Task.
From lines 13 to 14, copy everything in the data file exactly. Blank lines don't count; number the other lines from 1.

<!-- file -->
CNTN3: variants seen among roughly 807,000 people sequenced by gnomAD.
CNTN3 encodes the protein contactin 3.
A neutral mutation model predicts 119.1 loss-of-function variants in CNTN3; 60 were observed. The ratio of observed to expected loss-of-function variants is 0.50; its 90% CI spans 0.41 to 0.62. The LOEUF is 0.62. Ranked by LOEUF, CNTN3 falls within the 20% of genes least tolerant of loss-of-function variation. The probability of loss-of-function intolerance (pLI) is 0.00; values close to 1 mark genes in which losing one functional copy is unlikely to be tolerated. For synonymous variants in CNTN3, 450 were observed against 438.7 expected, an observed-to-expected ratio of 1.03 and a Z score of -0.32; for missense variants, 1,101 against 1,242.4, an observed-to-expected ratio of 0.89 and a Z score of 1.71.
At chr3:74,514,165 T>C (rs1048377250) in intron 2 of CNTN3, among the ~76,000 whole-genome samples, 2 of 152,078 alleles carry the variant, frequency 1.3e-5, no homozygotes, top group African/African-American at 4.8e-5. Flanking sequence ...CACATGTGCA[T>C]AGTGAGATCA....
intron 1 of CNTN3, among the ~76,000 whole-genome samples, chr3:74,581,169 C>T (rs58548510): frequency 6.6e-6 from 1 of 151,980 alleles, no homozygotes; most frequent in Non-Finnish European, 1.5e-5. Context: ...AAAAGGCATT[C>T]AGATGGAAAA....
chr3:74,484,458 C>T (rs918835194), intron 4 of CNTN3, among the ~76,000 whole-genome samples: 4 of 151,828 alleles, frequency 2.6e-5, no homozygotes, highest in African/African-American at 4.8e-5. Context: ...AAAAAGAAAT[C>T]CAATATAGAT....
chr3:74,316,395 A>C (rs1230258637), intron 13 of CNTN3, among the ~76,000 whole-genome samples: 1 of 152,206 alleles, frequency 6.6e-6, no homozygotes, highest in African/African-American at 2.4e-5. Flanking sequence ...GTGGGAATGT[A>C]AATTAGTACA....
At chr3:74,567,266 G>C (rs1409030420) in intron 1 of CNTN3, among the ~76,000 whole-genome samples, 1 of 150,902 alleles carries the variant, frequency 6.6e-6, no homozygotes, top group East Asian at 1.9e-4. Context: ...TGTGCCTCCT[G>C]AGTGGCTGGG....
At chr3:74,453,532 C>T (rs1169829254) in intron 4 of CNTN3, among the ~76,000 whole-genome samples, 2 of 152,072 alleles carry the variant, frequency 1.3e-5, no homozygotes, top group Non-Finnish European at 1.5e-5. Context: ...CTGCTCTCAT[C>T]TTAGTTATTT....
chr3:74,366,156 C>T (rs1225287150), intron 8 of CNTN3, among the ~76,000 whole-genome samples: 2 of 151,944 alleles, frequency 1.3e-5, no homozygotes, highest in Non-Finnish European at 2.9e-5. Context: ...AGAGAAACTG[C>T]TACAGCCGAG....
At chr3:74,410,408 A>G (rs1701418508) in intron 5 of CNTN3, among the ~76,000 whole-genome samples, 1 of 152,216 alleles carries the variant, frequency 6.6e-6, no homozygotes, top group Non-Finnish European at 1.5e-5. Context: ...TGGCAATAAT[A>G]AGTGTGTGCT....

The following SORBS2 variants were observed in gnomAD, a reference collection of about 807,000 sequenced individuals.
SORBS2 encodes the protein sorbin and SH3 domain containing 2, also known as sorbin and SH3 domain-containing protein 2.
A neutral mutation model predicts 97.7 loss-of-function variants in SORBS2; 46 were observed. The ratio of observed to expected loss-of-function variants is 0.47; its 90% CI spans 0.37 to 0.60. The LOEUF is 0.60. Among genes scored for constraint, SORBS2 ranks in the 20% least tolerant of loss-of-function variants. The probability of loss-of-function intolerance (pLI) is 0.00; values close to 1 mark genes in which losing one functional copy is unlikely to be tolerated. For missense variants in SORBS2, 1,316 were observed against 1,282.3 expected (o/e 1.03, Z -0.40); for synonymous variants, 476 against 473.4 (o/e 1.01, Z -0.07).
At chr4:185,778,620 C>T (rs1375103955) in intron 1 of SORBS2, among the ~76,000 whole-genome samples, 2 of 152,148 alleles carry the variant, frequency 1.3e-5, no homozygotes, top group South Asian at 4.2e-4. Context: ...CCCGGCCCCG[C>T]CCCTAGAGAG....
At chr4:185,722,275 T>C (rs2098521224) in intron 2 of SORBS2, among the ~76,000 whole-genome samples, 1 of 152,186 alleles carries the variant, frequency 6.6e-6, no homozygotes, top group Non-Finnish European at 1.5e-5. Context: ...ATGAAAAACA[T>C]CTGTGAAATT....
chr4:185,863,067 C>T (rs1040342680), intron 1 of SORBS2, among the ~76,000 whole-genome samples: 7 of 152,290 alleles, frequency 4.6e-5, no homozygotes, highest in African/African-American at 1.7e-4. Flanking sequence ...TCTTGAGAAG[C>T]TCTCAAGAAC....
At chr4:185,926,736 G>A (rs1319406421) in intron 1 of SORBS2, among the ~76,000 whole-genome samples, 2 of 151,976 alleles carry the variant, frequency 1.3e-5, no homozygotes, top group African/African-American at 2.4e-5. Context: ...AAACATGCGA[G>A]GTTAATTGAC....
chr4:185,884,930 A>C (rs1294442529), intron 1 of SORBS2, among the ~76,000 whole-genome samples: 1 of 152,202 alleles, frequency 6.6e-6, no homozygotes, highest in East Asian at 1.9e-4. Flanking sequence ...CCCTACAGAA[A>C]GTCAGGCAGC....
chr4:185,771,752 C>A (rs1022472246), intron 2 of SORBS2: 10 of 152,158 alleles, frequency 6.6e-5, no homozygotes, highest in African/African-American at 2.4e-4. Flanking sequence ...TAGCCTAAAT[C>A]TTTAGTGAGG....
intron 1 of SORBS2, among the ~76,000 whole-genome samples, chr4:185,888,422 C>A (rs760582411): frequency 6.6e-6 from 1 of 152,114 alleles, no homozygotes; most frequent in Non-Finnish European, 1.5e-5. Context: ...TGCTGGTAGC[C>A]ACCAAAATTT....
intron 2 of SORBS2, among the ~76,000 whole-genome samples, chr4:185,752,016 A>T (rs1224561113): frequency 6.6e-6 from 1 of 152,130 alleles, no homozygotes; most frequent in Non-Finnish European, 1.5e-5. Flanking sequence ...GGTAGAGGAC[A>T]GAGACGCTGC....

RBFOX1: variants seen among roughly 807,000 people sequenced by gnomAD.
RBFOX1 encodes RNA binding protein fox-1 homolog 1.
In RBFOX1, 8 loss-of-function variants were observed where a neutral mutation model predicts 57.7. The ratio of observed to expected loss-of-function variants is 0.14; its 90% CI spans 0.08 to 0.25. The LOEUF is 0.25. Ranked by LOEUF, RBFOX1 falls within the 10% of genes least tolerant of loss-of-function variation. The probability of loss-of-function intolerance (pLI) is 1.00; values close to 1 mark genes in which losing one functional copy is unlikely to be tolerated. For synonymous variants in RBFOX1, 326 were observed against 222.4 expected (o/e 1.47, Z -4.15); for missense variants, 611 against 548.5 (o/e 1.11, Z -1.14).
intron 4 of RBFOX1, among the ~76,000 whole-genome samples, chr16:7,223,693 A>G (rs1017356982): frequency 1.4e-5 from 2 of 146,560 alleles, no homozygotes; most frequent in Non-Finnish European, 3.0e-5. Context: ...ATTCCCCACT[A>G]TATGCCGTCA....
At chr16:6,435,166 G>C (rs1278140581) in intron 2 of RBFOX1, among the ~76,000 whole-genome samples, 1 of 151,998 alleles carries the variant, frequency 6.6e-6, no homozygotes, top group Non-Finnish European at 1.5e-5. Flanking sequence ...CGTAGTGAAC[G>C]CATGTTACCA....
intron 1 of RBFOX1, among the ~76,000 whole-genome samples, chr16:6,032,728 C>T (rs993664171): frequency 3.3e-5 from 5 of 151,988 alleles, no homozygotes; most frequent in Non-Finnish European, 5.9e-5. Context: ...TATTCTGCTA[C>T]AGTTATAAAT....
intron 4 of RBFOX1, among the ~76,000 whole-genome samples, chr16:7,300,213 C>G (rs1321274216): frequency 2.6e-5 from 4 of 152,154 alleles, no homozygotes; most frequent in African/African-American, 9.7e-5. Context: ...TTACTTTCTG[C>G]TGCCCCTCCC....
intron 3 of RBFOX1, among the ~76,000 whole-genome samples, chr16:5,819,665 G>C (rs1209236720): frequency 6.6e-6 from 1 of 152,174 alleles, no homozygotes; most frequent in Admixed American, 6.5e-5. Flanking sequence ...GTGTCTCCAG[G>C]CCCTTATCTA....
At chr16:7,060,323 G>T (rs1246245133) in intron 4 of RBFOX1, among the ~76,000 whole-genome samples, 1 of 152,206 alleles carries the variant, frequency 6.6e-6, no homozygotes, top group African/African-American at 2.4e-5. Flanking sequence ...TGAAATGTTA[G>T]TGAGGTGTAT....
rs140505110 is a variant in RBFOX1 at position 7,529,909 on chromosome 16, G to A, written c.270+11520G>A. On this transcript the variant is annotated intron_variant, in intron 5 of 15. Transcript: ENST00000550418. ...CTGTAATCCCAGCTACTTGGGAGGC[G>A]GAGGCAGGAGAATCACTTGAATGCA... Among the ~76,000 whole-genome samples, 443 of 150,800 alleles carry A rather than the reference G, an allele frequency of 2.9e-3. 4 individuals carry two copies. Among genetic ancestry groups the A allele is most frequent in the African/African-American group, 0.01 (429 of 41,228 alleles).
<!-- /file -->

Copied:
SORBS2 encodes the protein sorbin and SH3 domain containing 2, also known as sorbin and SH3 domain-containing protein 2.
A neutral mutation model predicts 97.7 loss-of-function variants in SORBS2; 46 were observed. The ratio of observed to expected loss-of-function variants is 0.47; its 90% CI spans 0.37 to 0.60. The LOEUF is 0.60. Among genes scored for constraint, SORBS2 ranks in the 20% least tolerant of loss-of-function variants. The probability of loss-of-function intolerance (pLI) is 0.00; values close to 1 mark genes in which losing one functional copy is unlikely to be tolerated. For missense variants in SORBS2, 1,316 were observed against 1,282.3 expected (o/e 1.03, Z -0.40); for synonymous variants, 476 against 473.4 (o/e 1.01, Z -0.07).